PLATTSBURGH - A new program through Champlain Valley Educational Services is working to promote safety and mental health in several North Country schools.
The Communities of One Safe Schools/Healthy Students program was established late last year though a four-year $4.3 million federal grant to CVES.
The program is active in five area school districts: Northern Adirondack, Saranac, AuSable Valley, Moriah and Ticonderoga.
Through the program, students are offered services such as drug prevention education, weekly playgroups for pre-school children and their parents, and adventure-style programming that promotes team-building and emotional health. Most of the services focus on the elementary grades.
"We're trying to eliminate people falling through the cracks," explained program administrator Wanda McQueen, "and that's what early intervention is designed to do."
That early intervention may be best exemplified in regular developmental screenings offered at Communities of One schools, as well as parenting education workshops.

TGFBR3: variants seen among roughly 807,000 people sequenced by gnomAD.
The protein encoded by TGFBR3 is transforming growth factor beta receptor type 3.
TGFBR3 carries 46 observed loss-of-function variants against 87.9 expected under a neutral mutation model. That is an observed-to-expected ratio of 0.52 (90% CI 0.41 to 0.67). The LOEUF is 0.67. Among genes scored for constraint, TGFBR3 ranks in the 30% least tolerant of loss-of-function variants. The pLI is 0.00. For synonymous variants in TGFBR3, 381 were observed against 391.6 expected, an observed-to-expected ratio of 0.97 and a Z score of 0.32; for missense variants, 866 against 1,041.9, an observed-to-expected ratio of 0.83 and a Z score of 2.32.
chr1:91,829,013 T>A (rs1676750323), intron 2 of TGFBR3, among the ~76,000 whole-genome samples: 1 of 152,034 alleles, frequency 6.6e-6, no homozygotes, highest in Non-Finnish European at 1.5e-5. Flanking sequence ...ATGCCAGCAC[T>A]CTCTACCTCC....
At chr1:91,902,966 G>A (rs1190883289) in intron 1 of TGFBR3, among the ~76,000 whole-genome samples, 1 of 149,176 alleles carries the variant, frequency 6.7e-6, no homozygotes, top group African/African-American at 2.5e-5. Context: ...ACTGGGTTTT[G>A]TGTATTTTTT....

"It creates a feel that the school district is not just for your kids anymore," said McQueen, "it's for supporting families in the community."
In addition, the program facilitates collaboration with county sheriffs to assess school safety and develop plans to deal with school violence and crisis intervention.
"The biggest piece is that it's a collaboration of schools, law enforcement, and mental health agencies," explained Andrea McDonald, school community coordinator. "Students may have been eligible before, but would have had to go through the county to receive services. These services are brought to the school."
Though all agree it's too early to quantify the impact of the program, feedback from many school officials has been positive, and more and more students and families have been utilizing it.
That includes Keeseville, where 17 students in grades 4-6 have been involved in weekly adventure programming provided through Behavioral Health Services North.
"The kids have really enjoyed it and are getting a lot out of it," said Keeseville Elementary School principal Kevin Hulbert.